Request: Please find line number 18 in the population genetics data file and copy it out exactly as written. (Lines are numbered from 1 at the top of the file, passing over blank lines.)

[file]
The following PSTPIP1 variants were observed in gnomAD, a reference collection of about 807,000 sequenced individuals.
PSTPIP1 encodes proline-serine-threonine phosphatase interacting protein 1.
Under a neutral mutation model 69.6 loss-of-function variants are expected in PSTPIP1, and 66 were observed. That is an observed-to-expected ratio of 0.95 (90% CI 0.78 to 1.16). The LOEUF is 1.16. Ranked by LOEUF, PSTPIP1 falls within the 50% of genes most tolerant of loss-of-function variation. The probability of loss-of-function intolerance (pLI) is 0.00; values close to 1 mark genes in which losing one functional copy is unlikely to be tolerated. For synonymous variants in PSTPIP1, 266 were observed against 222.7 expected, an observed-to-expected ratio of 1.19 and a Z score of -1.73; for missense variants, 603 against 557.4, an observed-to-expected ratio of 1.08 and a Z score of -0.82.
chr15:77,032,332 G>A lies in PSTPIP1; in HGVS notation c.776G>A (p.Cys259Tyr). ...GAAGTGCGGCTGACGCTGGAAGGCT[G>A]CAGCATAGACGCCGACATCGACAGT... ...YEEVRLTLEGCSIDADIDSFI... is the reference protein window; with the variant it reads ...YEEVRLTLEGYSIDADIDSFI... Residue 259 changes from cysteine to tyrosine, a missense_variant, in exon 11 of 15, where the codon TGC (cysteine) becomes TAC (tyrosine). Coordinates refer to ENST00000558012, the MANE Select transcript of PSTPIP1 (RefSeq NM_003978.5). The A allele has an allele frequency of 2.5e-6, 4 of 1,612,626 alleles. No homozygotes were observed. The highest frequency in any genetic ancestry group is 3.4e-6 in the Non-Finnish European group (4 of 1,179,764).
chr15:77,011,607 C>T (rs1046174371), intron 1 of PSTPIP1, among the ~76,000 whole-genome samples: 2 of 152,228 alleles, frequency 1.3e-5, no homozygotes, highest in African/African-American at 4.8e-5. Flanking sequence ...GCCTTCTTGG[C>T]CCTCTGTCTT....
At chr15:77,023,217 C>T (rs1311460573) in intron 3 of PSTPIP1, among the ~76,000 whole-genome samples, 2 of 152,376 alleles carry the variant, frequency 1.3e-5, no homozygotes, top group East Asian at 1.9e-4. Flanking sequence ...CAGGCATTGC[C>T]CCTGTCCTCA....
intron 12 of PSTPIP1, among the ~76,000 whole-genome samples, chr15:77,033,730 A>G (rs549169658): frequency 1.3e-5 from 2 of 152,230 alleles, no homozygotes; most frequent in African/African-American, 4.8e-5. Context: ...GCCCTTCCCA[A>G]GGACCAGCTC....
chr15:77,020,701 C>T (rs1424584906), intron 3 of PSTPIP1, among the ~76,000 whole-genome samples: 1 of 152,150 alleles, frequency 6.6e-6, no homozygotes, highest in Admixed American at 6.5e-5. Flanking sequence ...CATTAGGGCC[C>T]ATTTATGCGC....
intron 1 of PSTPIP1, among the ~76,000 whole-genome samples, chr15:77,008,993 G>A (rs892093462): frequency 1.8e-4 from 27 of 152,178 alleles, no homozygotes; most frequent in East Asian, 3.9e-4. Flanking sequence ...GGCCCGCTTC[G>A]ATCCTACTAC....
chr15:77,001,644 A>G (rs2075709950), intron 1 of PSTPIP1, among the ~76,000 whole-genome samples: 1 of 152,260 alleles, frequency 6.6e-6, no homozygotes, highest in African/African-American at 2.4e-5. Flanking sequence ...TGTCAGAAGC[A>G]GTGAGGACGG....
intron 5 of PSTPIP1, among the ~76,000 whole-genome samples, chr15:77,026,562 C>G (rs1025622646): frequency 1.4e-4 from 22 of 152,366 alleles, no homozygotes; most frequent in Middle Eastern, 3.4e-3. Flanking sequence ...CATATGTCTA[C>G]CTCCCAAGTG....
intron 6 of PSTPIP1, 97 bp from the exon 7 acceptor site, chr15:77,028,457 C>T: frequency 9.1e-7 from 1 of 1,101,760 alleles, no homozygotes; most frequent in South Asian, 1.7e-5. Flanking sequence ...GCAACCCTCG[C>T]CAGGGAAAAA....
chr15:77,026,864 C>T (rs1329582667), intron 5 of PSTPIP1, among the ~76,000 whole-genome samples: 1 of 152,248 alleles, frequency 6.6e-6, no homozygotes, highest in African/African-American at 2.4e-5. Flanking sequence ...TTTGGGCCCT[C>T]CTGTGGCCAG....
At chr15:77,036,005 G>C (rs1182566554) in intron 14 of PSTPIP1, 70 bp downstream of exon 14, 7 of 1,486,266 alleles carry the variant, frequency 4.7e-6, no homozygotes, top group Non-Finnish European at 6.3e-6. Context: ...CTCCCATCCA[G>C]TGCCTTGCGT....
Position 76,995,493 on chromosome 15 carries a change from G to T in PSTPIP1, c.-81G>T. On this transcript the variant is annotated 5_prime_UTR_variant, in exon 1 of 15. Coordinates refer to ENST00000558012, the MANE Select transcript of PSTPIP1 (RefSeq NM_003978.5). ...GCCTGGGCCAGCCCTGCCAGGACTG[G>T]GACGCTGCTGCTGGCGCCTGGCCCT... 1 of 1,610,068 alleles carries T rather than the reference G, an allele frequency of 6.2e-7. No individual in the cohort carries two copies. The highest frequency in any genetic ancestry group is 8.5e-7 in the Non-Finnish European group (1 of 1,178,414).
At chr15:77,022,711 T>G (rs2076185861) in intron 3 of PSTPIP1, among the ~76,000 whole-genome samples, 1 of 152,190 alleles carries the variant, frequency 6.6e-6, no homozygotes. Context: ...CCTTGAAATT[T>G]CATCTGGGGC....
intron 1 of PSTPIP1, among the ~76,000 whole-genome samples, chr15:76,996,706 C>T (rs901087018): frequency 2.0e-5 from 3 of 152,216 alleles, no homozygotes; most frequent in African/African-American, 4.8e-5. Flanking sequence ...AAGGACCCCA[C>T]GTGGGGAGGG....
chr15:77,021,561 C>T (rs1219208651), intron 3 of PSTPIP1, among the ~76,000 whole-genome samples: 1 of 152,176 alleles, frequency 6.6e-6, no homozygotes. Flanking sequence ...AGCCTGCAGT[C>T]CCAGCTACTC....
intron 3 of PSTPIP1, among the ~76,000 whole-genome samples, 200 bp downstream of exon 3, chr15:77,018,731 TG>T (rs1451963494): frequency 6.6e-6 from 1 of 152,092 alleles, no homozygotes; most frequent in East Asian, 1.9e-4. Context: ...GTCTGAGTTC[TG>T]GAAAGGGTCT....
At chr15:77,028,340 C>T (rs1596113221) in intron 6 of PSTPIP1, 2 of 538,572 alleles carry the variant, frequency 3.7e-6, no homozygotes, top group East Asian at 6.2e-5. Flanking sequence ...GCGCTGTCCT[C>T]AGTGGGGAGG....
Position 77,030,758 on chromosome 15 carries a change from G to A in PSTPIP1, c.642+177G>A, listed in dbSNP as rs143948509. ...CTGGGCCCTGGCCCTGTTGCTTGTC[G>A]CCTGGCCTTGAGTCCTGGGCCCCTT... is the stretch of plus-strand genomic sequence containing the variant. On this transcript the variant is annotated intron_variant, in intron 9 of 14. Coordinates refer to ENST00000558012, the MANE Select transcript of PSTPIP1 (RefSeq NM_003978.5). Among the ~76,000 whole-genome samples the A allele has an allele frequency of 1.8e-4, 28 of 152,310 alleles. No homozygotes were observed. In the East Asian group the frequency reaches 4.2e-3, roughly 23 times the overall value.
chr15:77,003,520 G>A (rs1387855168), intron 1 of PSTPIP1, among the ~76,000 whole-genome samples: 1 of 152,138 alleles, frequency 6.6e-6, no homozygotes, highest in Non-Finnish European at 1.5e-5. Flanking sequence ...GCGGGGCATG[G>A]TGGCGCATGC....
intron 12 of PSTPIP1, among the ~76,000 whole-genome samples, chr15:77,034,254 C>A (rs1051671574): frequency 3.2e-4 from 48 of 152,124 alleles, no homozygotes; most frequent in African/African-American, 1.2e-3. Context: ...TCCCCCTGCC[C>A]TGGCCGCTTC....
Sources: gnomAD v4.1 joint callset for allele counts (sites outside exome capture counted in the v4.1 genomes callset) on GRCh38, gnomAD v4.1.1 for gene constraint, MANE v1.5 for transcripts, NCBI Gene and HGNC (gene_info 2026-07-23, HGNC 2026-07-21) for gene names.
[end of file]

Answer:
chr15:77,021,561 C>T (rs1219208651), intron 3 of PSTPIP1, among the ~76,000 whole-genome samples: 1 of 152,176 alleles, frequency 6.6e-6, no homozygotes. Flanking sequence ...AGCCTGCAGT[C>T]CCAGCTACTC....